The Land Rover Still Lord of the Land

Article excerpt

The Land Rover has long been an icon of toughness and adventure in Africa and the demand for this 'go anywhere' vehicle is showing no signs of declining. Dexter Jerome Smith test-drives the Defender, the most popular model in Africa.

When the original Land Rover four-wheel drive (4x4) multi-purpose utility vehicle was launched at the Amsterdam Motor Show in 1948, no-one anticipated it would still be on the market 50 years later, or that its greatest demand would come from Africa. Today, there is still plenty of life in that original design. Further evolutions of it are being developed, and when the UK-based Land Rover company decided to open a second manufacturing plant in the early 1990s it located that plant in South Africa.

The original Land Rover vehicle was intended to be a 'stop-gap' design for Britain's Rover car company. It used war-surplus aviation specification aluminium for the launch of the new quality saloon car because motor car-grade steel was not in sufficient supply in Britain's post World War Two austere economy. Instead, 'The Land Rover', now re-branded the Land Rover Defender, has become a design icon - the classic off-road vehicle whose 'go-anywhere' capabilities are nowhere more appreciated (or needed) than in Africa.

For many years there simply was no other vehicle that could access and survive the untamed expanses of Africa. It has proved its worth, over and above those competitors that have come along since, in an unmatchable variety of roles, including life-saving visits to otherwise inaccessible rural communities, emergency rescue operations, scientific explorations, safaris, and civil engineering projects in inhospitable terrains, as well as being the preferred work-a-day transport of farmers in all corners of the world.

Moreover, it has been widely used by the police and ambulance services and, of course, by the military, who have used it not just for transport but in combat roles with heavy machine guns and even light missiles attached.

African best seller

In 1997, Land Rover sold more than 5,000 Defenders on the African market. This accounted for about one quarter of all Defender production and, interestingly, some 1,800 of these sales for Africa were to various charities or non-governmental aid organisations. Unlike for Land Rover sales in general, the Defender is the biggest selling of the then three, now four Land Rover models available in Africa. Meanwhile, Land Rover's latest model, the Freelander, a sporty leisure/utility vehicle aimed particularly at young drivers, has just entered South Africa's Top 20 of best selling cars within a few months of its African launch.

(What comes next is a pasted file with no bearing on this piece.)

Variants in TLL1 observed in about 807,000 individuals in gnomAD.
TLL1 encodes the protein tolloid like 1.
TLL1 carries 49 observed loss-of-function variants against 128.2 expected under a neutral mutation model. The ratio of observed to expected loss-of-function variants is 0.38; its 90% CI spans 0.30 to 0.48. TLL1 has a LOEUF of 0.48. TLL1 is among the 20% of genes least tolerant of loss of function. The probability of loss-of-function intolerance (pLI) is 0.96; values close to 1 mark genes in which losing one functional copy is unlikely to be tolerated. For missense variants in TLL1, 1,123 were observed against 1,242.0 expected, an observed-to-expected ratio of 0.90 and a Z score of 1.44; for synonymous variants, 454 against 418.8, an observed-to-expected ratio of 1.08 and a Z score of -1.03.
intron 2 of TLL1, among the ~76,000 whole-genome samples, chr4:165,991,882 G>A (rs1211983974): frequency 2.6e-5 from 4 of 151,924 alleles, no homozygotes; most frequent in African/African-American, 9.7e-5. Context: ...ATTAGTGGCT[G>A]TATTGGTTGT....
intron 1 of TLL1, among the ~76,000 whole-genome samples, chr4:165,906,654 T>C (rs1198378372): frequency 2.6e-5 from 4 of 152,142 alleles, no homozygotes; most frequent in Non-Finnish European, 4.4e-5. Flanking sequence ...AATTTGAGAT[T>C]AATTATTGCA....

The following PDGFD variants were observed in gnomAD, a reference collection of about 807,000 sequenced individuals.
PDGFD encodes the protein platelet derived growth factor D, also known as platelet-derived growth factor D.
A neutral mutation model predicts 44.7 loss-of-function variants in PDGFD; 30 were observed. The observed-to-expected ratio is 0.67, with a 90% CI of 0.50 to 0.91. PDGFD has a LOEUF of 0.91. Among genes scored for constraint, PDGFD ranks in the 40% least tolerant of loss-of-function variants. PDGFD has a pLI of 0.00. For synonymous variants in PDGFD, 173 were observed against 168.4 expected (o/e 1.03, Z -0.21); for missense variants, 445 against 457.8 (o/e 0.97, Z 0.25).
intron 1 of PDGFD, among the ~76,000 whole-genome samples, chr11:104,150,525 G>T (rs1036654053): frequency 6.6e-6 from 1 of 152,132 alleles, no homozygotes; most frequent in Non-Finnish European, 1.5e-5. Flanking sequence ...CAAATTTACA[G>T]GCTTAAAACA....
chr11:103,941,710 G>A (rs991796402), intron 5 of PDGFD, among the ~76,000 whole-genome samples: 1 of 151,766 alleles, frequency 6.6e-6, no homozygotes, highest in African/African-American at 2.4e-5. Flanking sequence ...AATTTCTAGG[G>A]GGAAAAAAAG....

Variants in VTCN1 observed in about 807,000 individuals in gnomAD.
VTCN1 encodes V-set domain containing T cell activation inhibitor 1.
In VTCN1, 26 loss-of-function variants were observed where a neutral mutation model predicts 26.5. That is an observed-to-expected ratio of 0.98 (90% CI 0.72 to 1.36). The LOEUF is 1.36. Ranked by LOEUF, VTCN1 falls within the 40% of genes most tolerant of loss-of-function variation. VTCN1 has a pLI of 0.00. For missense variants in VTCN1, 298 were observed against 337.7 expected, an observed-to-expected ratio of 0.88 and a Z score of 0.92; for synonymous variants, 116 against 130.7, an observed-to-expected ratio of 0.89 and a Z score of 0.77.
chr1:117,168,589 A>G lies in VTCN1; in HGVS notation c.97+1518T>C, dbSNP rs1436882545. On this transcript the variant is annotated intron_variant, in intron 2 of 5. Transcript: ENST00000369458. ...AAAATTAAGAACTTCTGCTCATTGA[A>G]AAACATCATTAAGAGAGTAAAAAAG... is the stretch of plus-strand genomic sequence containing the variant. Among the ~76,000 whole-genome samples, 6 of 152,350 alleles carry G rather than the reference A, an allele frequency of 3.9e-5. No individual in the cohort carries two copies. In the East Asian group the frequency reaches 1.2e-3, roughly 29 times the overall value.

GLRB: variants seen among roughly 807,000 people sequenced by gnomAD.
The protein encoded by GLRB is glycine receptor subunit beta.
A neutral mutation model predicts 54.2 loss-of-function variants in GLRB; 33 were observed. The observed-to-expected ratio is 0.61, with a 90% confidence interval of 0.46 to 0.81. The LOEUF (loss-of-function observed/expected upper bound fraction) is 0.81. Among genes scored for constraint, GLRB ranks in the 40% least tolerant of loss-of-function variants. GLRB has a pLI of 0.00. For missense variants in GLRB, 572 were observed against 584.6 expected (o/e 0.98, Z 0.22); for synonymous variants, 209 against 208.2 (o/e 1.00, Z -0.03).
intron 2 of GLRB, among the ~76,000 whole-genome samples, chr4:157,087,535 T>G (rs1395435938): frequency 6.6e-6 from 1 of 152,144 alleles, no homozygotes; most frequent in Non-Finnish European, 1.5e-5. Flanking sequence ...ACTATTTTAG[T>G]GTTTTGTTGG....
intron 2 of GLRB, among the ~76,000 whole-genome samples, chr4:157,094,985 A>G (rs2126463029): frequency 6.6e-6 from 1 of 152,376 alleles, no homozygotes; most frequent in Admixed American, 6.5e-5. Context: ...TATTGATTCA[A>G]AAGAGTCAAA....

South Africa is Land Rover's biggest African market and, therefore, an obvious choice for an African manufacturing subsidiary. In 1997, South African customers bought about 2,250 Defenders, compared to Land Rover's next biggest African markets Tanzania taking some 430, and Kenya taking some 350 Defenders. South Africa was also the biggest African market for Land Rover's luxury 4x4 vehicle, the Range Rover (which even Heads of State are pleased to be seen in), selling about 170 of them in the Republic; and likewise for the 'mid-priced' 4x4 station wagon, the Land Rover Discovery, which sold 1,440 in South Africa last year.

Land Rover's plant in South Africa only produces Defenders, and so far satisfies only slightly less than one quarter of the Republic's domestic demand, though it does produce some exports too. Since the plant was opened in January 1995 in the town of Rosslyn near Pretoria, production has risen steadily - 18 Defenders now roll off its production line daily, compared with two-a-day when the plant opened. Land Rover, in fact, currently offers 10 basic versions of the Defender across three wheelbase lengths - standard (90[inches]), long (110[inches]), and extra-long (130[inches]).

The South African plant specialises in only some of these versions, and presently just the standard and long wheelbase. …